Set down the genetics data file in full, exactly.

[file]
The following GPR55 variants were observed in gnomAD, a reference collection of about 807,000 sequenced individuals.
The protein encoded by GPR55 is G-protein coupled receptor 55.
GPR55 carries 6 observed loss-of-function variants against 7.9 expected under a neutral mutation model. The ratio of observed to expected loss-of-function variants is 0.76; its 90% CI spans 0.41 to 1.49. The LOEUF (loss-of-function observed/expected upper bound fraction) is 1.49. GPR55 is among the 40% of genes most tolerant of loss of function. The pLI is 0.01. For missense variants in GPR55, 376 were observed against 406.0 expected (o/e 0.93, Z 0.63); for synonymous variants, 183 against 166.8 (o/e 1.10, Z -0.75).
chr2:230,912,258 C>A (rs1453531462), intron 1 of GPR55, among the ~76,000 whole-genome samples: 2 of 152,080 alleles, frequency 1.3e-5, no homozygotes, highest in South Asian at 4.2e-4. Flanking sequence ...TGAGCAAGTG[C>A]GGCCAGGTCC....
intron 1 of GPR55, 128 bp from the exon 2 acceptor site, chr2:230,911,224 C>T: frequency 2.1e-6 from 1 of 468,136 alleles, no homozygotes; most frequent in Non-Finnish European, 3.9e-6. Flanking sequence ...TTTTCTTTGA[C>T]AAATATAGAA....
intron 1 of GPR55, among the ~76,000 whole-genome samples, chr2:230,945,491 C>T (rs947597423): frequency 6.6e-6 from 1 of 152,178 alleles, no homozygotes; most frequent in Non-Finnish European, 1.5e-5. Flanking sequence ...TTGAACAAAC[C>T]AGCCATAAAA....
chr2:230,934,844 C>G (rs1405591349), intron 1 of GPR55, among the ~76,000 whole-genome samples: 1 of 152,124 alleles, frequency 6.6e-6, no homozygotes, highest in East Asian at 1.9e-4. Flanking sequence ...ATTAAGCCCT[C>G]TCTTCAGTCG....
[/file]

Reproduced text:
The following GPR55 variants were observed in gnomAD, a reference collection of about 807,000 sequenced individuals.
The protein encoded by GPR55 is G-protein coupled receptor 55.
GPR55 carries 6 observed loss-of-function variants against 7.9 expected under a neutral mutation model. The ratio of observed to expected loss-of-function variants is 0.76; its 90% CI spans 0.41 to 1.49. The LOEUF (loss-of-function observed/expected upper bound fraction) is 1.49. GPR55 is among the 40% of genes most tolerant of loss of function. The pLI is 0.01. For missense variants in GPR55, 376 were observed against 406.0 expected (o/e 0.93, Z 0.63); for synonymous variants, 183 against 166.8 (o/e 1.10, Z -0.75).
chr2:230,912,258 C>A (rs1453531462), intron 1 of GPR55, among the ~76,000 whole-genome samples: 2 of 152,080 alleles, frequency 1.3e-5, no homozygotes, highest in South Asian at 4.2e-4. Flanking sequence ...TGAGCAAGTG[C>A]GGCCAGGTCC....
intron 1 of GPR55, 128 bp from the exon 2 acceptor site, chr2:230,911,224 C>T: frequency 2.1e-6 from 1 of 468,136 alleles, no homozygotes; most frequent in Non-Finnish European, 3.9e-6. Flanking sequence ...TTTTCTTTGA[C>T]AAATATAGAA....
intron 1 of GPR55, among the ~76,000 whole-genome samples, chr2:230,945,491 C>T (rs947597423): frequency 6.6e-6 from 1 of 152,178 alleles, no homozygotes; most frequent in Non-Finnish European, 1.5e-5. Flanking sequence ...TTGAACAAAC[C>T]AGCCATAAAA....
chr2:230,934,844 C>G (rs1405591349), intron 1 of GPR55, among the ~76,000 whole-genome samples: 1 of 152,124 alleles, frequency 6.6e-6, no homozygotes, highest in East Asian at 1.9e-4. Flanking sequence ...ATTAAGCCCT[C>G]TCTTCAGTCG....